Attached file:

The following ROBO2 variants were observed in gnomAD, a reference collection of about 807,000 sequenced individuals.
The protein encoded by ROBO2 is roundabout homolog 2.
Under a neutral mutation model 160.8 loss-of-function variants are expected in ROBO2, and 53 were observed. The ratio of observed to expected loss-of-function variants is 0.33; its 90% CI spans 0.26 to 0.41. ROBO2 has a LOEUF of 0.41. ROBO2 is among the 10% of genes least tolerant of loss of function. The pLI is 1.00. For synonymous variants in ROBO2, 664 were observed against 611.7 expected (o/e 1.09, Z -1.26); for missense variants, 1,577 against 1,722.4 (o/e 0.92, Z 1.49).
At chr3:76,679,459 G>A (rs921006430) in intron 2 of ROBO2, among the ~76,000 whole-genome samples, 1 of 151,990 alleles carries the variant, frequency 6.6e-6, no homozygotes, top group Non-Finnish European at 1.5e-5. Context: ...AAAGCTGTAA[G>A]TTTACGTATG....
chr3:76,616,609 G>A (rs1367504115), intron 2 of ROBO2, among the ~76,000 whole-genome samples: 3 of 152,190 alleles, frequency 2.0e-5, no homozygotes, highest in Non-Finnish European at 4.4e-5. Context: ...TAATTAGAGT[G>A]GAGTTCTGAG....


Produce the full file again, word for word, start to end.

The following ROBO2 variants were observed in gnomAD, a reference collection of about 807,000 sequenced individuals.
The protein encoded by ROBO2 is roundabout homolog 2.
Under a neutral mutation model 160.8 loss-of-function variants are expected in ROBO2, and 53 were observed. The ratio of observed to expected loss-of-function variants is 0.33; its 90% CI spans 0.26 to 0.41. ROBO2 has a LOEUF of 0.41. ROBO2 is among the 10% of genes least tolerant of loss of function. The pLI is 1.00. For synonymous variants in ROBO2, 664 were observed against 611.7 expected (o/e 1.09, Z -1.26); for missense variants, 1,577 against 1,722.4 (o/e 0.92, Z 1.49).
At chr3:76,679,459 G>A (rs921006430) in intron 2 of ROBO2, among the ~76,000 whole-genome samples, 1 of 151,990 alleles carries the variant, frequency 6.6e-6, no homozygotes, top group Non-Finnish European at 1.5e-5. Context: ...AAAGCTGTAA[G>A]TTTACGTATG....
chr3:76,616,609 G>A (rs1367504115), intron 2 of ROBO2, among the ~76,000 whole-genome samples: 3 of 152,190 alleles, frequency 2.0e-5, no homozygotes, highest in Non-Finnish European at 4.4e-5. Context: ...TAATTAGAGT[G>A]GAGTTCTGAG....